Observe that an unconditional jump is needed at the end of the if-block such that execution does not continue in the else block. This way there is a jump no matter with branch is taken.

I will write short word on branch prediction. Branch prediction comes in two flavors, static and dynamic. The first time a branch is executed the CPU can have no knowledge about the probability it will be taken or not. In this situation it uses the static predictor, which says that forward jumps are not taken and backward branches are taken. Our example jump no 1 is a forward branch and it will be predicted not taken the first time through. If we have knowledge about the values A and B, we can use it to code the if-else such that the if-part is the most often executed and static prediction is optimized. An unconditional jump needs no prediction - it is always taken ;-) A backward jump is often part of a loop and most loops will run more than once (why else have a loop?). This way it makes sense to statically predict backward jumps taken. Dynamic branch prediction tries to accumulate knowledge about the probability that a certain jump is taken or not and then predict it correctly as often as possible.

 

Now it is time to transform the function into a pure asm one.

 

function Min4(const A, B: Single) : Single;

asm

 //push  ebp

 //mov   ebp,esp

 push  ecx

 //if A < B then

 fld   dword ptr [ebp+$0c]

 fcomp dword ptr [ebp+$08]

 fstsw ax

 sahf

 jnb   @ElseBegin

 //Result := A

 mov   eax,[ebp+$0c]

 mov   [ebp-$04],eax

 jmp   @ElseEnd

 //else

 //Result := B;

 @ElseBegin :

 mov   eax,[ebp+$08]

 mov   [ebp-$04],eax

 @ElseEnd :

 fld   dword ptr [ebp-$04]

 pop   ecx

 //pop   ebp

end;

 

The new thing this time is that we need some labels. Our analysis of the function made it clear where we jumped to when, I hope. In general when placing labels it is a good thing to use the knowledge we have about the structure of the code. You can open the FPU view and just trace through the code and see where you go when jumps are taken. If you want to place labels without having to think, then use some math. Example follows

 

 

We have this jump

 

00452465 7308             jnb +$08

 

This is the line after it

 

00452467 8B450C           mov eax,[ebp+$0c]

 

This is the line 8 byte after that line

 

0045246F 8B4508           mov eax,[ebp+$08]

 

Take the address of the line after the jump and add the jump offset to it and you have the jump target address. This is the math: 00452467 + 8 = 0045246F.

 

Why do we add the jump offset to the address of the line after the jump and not to the address of the line with the jump?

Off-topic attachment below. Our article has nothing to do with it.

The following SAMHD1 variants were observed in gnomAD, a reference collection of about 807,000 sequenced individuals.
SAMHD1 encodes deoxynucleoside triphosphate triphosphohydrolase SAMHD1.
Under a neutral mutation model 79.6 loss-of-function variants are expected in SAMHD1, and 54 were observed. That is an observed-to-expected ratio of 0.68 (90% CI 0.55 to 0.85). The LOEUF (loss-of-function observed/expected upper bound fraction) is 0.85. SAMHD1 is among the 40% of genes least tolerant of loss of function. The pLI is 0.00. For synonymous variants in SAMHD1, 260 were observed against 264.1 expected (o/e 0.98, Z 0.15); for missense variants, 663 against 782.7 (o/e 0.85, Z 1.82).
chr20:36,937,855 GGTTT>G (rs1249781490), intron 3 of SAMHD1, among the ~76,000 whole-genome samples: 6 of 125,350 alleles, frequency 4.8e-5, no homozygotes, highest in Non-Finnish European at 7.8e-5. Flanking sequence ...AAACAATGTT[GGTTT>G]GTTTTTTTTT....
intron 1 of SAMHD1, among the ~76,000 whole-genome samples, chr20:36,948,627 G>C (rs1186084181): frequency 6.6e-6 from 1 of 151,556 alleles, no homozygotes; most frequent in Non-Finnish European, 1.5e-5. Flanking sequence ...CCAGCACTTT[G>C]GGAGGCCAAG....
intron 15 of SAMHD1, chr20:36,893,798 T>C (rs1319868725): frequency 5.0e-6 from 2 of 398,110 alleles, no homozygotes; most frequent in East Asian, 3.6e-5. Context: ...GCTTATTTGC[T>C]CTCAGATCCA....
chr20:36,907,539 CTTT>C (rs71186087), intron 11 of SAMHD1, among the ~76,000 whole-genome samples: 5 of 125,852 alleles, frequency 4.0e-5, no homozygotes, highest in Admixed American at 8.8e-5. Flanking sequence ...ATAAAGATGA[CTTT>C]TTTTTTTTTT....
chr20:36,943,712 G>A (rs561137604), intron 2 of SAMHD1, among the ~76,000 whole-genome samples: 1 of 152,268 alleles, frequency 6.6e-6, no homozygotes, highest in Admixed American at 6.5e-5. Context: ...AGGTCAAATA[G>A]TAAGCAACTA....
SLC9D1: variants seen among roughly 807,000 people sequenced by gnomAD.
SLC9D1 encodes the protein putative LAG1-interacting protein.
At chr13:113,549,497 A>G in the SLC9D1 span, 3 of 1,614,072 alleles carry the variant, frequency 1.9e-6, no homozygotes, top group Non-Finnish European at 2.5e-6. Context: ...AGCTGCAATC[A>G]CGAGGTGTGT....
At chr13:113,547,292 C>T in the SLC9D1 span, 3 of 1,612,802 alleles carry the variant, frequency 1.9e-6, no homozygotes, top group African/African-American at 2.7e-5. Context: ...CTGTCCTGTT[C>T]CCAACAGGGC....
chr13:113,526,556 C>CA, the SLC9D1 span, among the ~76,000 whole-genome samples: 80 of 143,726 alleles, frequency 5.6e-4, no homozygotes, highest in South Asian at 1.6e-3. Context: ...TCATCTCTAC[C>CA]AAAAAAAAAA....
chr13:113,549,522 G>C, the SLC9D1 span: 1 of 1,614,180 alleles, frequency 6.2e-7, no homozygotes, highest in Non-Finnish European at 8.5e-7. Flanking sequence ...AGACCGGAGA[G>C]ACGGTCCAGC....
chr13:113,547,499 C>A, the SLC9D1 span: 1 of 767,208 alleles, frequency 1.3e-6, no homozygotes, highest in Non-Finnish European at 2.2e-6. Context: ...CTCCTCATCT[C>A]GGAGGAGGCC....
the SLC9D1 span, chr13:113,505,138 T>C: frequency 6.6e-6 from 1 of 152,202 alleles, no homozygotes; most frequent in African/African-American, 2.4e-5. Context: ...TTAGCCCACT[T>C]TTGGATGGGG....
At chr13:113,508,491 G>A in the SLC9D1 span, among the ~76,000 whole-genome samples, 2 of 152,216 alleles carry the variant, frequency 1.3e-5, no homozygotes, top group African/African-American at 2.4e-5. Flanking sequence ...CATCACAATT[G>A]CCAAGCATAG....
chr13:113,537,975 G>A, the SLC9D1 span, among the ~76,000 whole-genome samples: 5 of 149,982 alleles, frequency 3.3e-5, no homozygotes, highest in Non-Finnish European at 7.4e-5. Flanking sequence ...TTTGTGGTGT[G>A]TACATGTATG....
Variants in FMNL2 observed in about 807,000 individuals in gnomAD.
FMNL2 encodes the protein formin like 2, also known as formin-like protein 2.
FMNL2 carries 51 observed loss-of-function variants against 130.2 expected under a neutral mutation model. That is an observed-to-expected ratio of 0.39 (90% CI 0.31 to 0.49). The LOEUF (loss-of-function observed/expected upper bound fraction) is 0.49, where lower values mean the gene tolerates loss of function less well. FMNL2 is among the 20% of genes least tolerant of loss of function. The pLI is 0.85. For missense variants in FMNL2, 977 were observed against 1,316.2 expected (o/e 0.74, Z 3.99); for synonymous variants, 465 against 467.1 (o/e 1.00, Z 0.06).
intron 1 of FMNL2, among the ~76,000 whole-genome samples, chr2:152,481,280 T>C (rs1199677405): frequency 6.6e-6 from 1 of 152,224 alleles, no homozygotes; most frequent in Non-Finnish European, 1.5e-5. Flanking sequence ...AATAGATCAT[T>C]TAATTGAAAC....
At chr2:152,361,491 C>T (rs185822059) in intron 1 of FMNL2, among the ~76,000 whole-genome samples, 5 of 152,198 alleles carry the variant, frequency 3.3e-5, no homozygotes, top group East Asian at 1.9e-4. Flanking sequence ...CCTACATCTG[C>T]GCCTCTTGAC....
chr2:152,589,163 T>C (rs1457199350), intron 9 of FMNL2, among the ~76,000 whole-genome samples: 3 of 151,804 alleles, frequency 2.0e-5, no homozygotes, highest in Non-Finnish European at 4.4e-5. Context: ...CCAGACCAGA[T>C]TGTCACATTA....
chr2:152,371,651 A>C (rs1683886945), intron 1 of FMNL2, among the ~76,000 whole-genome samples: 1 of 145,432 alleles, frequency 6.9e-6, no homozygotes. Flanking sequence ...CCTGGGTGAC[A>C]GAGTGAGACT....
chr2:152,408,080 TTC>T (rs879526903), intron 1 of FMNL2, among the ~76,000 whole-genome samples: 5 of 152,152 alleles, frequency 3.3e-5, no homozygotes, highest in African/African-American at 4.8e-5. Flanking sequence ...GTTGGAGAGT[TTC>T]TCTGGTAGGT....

It is time to optimize.

 

function Min5(const A, B: Single) : Single;

asm

 push  ecx

 //if A < B then

 fld   dword ptr [ebp+$0c]

 fcomp dword ptr [ebp+$08]

 fstsw ax

 sahf

 jnb   @ElseBegin

 //Result := A

 mov   eax,[ebp+$0c]

 mov   [ebp-$04],eax

 jmp   @ElseEnd

 //else

 //Result := B;

 @ElseBegin :

 mov   eax,[ebp+$08]

 mov   [ebp-$04],eax

 @ElseEnd :

 fld   dword ptr [ebp-$04]

 pop   ecx

end;

 

This is just a cleaned up version of the function. Letís change the push ecx, pop ecx instructions with instructions that manipulate the esp register directly and do not move data between ecx and the stack.

 

function Min6(const A, B: Single) : Single;

asm

 //push  ecx

 sub   esp, 4

 //if A < B then

 fld   dword ptr [ebp+$0c]

 fcomp dword ptr [ebp+$08]

 fstsw ax

 sahf

 jnb   @ElseBegin

 //Result := A

 mov   eax,[ebp+$0c]

 mov   [ebp-$04],eax

 jmp   @ElseEnd

 //else

 //Result := B;

 @ElseBegin :

 mov   eax,[ebp+$08]

 mov   [ebp-$04],eax

 @ElseEnd :

 fld   dword ptr [ebp-$04]

 //pop   ecx

 add esp, 4

end;

 

When the code was analyzed we saw that the flags were traveling a long way and 2 instructions were needed for this. What about a floating point compare instruction that sets the EFlags directly? This is the fcomi instruction which was introduced in the P6 architecture. Lets use it and abandon those CPU's older than the Pro. It would be fair to believe that these lines

 

fcomp dword ptr [ebp+$08]

fstsw ax

sahf

 

could be substituted by this

 

fcomip dword ptr [ebp+$08]

 

The fcomi instruction does however not accept a memory reference as operand. Therefore it is necessary to load data before issuing it.